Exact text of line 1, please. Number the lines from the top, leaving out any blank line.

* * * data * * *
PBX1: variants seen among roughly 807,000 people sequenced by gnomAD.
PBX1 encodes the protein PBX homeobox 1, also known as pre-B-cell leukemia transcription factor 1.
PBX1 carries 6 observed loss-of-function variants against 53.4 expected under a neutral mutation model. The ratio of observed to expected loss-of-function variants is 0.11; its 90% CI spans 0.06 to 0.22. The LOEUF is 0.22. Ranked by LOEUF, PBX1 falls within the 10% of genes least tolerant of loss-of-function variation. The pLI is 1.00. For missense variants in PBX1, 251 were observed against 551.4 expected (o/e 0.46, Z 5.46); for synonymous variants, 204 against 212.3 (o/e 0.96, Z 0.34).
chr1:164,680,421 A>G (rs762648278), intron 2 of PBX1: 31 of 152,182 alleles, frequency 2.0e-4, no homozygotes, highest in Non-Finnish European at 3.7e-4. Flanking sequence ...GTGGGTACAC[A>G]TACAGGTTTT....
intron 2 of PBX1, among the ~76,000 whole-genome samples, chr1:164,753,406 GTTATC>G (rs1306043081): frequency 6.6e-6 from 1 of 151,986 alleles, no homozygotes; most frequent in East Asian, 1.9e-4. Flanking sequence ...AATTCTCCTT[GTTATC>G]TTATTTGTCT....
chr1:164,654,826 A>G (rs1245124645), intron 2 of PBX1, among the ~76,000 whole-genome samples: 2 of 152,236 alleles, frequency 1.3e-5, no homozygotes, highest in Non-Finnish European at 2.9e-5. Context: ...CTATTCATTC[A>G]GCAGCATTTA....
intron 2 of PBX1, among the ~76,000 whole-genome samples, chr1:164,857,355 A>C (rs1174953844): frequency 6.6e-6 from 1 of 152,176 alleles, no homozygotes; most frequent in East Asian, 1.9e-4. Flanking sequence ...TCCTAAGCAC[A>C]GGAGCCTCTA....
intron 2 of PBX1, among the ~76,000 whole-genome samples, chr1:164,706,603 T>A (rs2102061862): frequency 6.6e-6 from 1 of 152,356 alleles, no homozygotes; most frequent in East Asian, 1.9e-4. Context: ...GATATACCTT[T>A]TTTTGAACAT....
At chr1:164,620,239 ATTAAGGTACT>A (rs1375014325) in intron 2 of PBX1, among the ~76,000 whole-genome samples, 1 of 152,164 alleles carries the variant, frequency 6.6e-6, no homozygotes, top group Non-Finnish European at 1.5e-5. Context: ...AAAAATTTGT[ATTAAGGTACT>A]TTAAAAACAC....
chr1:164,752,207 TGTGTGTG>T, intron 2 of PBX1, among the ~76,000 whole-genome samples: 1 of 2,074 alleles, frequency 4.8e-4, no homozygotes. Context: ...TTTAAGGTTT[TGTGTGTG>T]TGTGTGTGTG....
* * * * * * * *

PBX1: variants seen among roughly 807,000 people sequenced by gnomAD.